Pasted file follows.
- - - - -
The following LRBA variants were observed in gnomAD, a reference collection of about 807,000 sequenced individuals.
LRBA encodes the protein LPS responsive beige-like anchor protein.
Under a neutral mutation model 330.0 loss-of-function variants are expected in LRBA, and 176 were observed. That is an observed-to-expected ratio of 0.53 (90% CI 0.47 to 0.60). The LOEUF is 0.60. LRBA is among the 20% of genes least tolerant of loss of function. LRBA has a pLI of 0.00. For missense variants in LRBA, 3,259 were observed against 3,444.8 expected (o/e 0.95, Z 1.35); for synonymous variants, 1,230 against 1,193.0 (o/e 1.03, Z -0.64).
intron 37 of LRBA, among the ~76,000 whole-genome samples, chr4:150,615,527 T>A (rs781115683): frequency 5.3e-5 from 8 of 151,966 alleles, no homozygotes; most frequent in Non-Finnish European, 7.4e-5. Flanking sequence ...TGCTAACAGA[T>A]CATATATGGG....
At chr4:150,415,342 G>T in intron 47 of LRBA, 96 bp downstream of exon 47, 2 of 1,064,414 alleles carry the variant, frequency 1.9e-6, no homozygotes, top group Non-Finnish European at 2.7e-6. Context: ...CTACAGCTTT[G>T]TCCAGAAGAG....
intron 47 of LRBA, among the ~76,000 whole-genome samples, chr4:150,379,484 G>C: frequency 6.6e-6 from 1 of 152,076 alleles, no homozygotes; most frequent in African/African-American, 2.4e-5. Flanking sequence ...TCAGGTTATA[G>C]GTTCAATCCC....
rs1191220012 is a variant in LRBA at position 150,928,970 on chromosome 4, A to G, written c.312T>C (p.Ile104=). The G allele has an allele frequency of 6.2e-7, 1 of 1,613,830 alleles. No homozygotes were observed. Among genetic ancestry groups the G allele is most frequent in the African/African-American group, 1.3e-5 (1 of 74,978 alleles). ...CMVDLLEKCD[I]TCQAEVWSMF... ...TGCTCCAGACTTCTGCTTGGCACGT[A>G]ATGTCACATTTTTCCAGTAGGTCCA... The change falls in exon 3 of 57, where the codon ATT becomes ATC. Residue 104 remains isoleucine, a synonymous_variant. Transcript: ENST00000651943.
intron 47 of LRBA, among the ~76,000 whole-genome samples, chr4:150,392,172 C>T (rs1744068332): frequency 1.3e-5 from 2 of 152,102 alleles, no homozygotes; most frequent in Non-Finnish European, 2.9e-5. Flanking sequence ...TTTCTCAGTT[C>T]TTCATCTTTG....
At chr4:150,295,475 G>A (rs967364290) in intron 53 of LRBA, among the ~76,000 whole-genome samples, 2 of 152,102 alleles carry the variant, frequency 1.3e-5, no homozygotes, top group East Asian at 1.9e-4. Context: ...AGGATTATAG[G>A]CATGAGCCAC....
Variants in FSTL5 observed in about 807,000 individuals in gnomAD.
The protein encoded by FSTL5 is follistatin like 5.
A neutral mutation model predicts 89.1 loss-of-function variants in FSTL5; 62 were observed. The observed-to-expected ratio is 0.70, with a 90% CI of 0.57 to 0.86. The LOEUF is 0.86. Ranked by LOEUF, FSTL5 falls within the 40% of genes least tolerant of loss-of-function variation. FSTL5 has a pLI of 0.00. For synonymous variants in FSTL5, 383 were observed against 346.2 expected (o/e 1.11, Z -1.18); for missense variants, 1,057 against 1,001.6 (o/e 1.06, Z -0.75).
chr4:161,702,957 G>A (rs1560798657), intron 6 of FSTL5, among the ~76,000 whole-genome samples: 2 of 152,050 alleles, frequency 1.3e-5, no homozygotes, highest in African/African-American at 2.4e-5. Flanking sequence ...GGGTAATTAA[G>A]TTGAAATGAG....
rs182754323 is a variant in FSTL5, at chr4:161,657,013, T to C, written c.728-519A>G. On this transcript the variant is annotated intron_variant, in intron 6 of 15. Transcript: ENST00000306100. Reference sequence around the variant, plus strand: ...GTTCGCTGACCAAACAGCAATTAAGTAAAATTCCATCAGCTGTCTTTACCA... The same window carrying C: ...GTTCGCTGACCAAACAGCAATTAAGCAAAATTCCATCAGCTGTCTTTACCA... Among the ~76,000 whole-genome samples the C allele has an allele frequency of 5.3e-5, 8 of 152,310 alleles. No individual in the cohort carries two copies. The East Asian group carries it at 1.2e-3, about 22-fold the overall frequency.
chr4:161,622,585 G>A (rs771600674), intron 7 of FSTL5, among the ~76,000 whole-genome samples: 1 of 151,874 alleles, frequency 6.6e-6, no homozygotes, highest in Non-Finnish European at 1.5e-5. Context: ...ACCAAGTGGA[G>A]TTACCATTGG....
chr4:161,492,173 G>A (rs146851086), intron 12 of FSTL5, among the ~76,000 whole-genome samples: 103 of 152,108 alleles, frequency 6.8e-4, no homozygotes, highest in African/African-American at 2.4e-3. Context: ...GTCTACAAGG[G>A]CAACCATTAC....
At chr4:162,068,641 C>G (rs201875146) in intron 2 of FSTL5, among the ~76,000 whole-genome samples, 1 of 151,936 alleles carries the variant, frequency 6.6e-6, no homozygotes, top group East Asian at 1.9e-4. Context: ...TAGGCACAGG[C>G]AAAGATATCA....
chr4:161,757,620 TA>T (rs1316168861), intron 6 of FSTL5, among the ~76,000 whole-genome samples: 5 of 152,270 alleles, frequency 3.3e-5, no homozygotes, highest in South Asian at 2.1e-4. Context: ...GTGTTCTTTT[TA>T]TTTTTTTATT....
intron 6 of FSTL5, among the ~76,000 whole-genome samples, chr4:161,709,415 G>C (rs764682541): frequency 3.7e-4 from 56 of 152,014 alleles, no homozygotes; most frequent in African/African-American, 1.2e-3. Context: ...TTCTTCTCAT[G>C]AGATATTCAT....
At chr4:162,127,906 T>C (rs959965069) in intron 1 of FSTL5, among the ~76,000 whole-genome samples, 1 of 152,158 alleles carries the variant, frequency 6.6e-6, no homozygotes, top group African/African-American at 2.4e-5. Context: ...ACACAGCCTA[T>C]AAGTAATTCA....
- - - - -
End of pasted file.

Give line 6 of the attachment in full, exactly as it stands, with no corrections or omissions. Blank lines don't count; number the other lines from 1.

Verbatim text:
intron 47 of LRBA, among the ~76,000 whole-genome samples, chr4:150,379,484 G>C: frequency 6.6e-6 from 1 of 152,076 alleles, no homozygotes; most frequent in African/African-American, 2.4e-5. Flanking sequence ...TCAGGTTATA[G>C]GTTCAATCCC....